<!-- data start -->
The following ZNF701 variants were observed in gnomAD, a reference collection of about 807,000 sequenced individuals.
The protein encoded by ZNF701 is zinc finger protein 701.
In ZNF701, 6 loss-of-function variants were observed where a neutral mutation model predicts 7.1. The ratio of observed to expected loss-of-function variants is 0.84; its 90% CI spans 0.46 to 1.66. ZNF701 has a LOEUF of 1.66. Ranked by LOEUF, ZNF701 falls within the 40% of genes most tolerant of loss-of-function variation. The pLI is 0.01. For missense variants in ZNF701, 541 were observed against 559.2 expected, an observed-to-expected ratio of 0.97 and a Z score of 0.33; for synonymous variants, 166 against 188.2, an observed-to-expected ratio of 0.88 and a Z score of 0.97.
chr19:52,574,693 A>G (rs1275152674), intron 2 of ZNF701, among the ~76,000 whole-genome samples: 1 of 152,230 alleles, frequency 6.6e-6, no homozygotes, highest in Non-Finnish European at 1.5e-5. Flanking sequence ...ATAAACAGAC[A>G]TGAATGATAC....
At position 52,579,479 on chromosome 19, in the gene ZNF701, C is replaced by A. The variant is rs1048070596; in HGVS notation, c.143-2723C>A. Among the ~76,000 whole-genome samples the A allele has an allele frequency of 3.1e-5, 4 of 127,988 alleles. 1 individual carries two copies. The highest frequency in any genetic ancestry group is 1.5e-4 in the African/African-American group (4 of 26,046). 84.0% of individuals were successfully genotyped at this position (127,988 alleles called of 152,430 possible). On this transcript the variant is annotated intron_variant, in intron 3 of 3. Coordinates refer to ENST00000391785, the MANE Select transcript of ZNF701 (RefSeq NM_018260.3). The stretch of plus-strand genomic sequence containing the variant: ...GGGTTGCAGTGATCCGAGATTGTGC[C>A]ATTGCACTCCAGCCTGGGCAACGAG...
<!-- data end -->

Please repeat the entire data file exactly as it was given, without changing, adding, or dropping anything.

The following ZNF701 variants were observed in gnomAD, a reference collection of about 807,000 sequenced individuals.
The protein encoded by ZNF701 is zinc finger protein 701.
In ZNF701, 6 loss-of-function variants were observed where a neutral mutation model predicts 7.1. The ratio of observed to expected loss-of-function variants is 0.84; its 90% CI spans 0.46 to 1.66. ZNF701 has a LOEUF of 1.66. Ranked by LOEUF, ZNF701 falls within the 40% of genes most tolerant of loss-of-function variation. The pLI is 0.01. For missense variants in ZNF701, 541 were observed against 559.2 expected, an observed-to-expected ratio of 0.97 and a Z score of 0.33; for synonymous variants, 166 against 188.2, an observed-to-expected ratio of 0.88 and a Z score of 0.97.
chr19:52,574,693 A>G (rs1275152674), intron 2 of ZNF701, among the ~76,000 whole-genome samples: 1 of 152,230 alleles, frequency 6.6e-6, no homozygotes, highest in Non-Finnish European at 1.5e-5. Flanking sequence ...ATAAACAGAC[A>G]TGAATGATAC....
At position 52,579,479 on chromosome 19, in the gene ZNF701, C is replaced by A. The variant is rs1048070596; in HGVS notation, c.143-2723C>A. Among the ~76,000 whole-genome samples the A allele has an allele frequency of 3.1e-5, 4 of 127,988 alleles. 1 individual carries two copies. The highest frequency in any genetic ancestry group is 1.5e-4 in the African/African-American group (4 of 26,046). 84.0% of individuals were successfully genotyped at this position (127,988 alleles called of 152,430 possible). On this transcript the variant is annotated intron_variant, in intron 3 of 3. Coordinates refer to ENST00000391785, the MANE Select transcript of ZNF701 (RefSeq NM_018260.3). The stretch of plus-strand genomic sequence containing the variant: ...GGGTTGCAGTGATCCGAGATTGTGC[C>A]ATTGCACTCCAGCCTGGGCAACGAG...